Green is the colour

Even 'natural' cotton clothing is full of chemical nasties, discovered Gabriela and William Lana. So began their dream of producing organic clothing that is neither hairy nor hippie. Hester Lacey meets them
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Indy Lifestyle Online
ORGANIC clothing. Big, hairy, misshapen sweaters, hand-woven by Ecuadorean peasants? Scratchy, fibrous, floor-length tunics apparently made from unprocessed bits of stick? Nothing suitable for anything more formal than tending the compost heap? Or: smart and durable, wear-it-anywhere, made from the best quality natural fibres? "If you eat healthily, people think it isn't supposed to taste nice, it has to be like bird-food," says Gabriela Lana of Greenfibres, a newly-launched mail order company. "In the same way, if you want to buy organic clothes, nobody thinks you might want a work shirt - it's as though people who want organic fabrics can't possibly work in offices."

This is something that Greenfibres is setting out to change. The company trades in garments that are ecologically-friendly and produced without exploitation of those who manufacture them - and at the same time are a far cry from anything hairy, itchy or hippie (Gabriela is wearing an elegant cream skirt with a cream-and-rust sweater and a bright orange silky scarf, while her husband William sports a smart, button-down collar cream shirt with dark green trousers).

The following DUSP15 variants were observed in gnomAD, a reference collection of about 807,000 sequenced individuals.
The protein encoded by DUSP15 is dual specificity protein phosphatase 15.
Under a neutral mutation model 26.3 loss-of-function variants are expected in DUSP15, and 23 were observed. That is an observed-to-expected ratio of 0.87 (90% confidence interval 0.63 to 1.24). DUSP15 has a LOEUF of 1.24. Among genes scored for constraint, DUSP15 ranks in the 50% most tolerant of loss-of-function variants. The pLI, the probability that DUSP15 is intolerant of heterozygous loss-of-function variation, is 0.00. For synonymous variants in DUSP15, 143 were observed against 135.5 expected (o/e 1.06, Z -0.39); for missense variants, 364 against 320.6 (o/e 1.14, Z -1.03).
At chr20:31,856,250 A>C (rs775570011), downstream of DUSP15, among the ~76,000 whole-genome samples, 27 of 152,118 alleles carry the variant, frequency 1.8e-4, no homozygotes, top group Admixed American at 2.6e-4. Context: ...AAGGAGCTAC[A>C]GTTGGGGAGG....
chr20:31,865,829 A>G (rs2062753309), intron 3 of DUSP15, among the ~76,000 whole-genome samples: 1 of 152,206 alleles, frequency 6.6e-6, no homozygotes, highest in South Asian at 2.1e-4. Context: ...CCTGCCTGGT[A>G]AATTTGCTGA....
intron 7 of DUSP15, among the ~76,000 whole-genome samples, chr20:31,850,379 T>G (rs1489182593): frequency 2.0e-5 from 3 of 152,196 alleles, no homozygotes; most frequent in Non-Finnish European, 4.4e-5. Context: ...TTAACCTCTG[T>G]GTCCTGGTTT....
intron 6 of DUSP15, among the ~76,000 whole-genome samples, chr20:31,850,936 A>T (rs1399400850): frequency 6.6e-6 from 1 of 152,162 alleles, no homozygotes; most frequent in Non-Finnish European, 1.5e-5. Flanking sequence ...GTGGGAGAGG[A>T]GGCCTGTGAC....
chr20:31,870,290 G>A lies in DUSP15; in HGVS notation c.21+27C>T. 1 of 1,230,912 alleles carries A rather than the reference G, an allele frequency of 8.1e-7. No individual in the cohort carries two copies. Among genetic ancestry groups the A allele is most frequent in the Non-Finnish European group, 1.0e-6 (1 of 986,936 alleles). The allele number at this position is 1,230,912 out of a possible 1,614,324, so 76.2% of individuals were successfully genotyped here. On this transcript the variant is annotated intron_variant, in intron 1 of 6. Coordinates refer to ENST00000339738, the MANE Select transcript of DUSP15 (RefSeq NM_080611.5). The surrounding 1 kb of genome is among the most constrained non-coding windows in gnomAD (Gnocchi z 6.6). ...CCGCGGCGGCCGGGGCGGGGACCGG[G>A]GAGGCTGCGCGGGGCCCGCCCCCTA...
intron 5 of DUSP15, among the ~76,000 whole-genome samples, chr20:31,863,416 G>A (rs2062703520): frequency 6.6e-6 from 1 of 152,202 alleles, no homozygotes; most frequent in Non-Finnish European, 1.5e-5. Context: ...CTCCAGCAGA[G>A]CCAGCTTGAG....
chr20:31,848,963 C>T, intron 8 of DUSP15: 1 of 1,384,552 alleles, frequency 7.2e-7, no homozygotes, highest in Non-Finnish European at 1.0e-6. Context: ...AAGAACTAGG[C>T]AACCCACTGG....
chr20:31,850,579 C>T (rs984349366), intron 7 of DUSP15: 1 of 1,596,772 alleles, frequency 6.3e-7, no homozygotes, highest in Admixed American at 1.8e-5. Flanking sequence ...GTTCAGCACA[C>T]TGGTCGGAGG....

Gabriela, 30, and William, 29, started Greenfibres in August last year, but the project has been two years in the planning. They run the company from their home in Greenwich, south London - a tall, narrow house, cheerfully cluttered with books, photographs, plants, plus toys belonging to their two small children, Megan and Max. "I have been buying organic clothes for about nine years now," explains Gabriela. "I started with organic foods, but then I started wondering where my clothes came from." Cotton, she thought, had to be a "natural" fibre; so she was amazed to find that about 12 per cent of the world's insecticides and 26 per cent of the world's pesticides are used on cotton crops, and that cotton-growing has laid waste to large tracts of Turkistan and Uzbekistan and caused damage in India and Africa. When she started looking for organic clothes, she found that the market in her native Germany was far in advance of anything to be found in Britain. Also the range available in Germany was far more suitable for office wear (both she and William spent some years working in financial services, where clothes of the tie-dye, unbleached kaftan ilk are definitely not acceptable). Hence, the first germ of the Greenfibres idea. Greenfibres clothes are sourced mainly from Germany and the US, and have impeccable credentials. "We try to find things that are as environmentally responsible as possible and produced in a socially responsible way - without exploitation, without using child labour, and where everyone involved is paid a fair wage," explains Gabriela. "Our products are produced organically where possible, and everything that is not organic is untreated - they aren't coated in chemicals, as most textiles are."